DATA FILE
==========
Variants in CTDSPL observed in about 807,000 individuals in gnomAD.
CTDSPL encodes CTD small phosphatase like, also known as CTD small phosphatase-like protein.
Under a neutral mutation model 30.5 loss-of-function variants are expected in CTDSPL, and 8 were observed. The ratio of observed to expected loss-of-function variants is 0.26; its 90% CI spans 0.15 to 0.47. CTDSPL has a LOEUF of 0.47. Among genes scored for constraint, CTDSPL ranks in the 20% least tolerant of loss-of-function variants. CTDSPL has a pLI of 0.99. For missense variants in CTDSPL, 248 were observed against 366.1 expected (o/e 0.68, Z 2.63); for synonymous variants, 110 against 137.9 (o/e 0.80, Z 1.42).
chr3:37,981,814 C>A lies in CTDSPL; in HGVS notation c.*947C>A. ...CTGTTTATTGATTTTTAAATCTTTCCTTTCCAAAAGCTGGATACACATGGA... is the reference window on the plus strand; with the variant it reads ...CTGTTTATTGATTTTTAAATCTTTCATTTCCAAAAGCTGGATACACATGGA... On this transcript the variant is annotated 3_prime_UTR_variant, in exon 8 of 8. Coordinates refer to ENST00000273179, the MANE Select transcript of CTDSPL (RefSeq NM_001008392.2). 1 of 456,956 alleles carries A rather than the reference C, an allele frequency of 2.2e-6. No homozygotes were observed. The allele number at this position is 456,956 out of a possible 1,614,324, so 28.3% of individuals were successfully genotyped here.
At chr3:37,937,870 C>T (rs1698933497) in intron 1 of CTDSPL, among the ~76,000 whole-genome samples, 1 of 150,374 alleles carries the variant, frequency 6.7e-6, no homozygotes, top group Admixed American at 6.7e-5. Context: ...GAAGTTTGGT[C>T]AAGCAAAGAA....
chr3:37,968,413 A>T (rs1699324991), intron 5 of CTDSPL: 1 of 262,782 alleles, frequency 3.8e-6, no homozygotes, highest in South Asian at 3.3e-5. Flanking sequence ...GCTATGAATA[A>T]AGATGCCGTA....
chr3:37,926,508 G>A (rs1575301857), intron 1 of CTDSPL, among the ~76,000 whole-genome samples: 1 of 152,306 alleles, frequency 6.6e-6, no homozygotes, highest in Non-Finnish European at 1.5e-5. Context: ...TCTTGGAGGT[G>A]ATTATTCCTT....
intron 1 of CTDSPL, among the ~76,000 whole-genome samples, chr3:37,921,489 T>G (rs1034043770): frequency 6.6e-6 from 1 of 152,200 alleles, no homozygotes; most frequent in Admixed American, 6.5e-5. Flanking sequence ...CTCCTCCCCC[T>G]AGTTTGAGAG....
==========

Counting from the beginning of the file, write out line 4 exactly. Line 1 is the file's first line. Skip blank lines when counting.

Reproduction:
chr3:37,981,814 C>A lies in CTDSPL; in HGVS notation c.*947C>A. ...CTGTTTATTGATTTTTAAATCTTTCCTTTCCAAAAGCTGGATACACATGGA... is the reference window on the plus strand; with the variant it reads ...CTGTTTATTGATTTTTAAATCTTTCATTTCCAAAAGCTGGATACACATGGA... On this transcript the variant is annotated 3_prime_UTR_variant, in exon 8 of 8. Coordinates refer to ENST00000273179, the MANE Select transcript of CTDSPL (RefSeq NM_001008392.2). 1 of 456,956 alleles carries A rather than the reference C, an allele frequency of 2.2e-6. No homozygotes were observed. The allele number at this position is 456,956 out of a possible 1,614,324, so 28.3% of individuals were successfully genotyped here.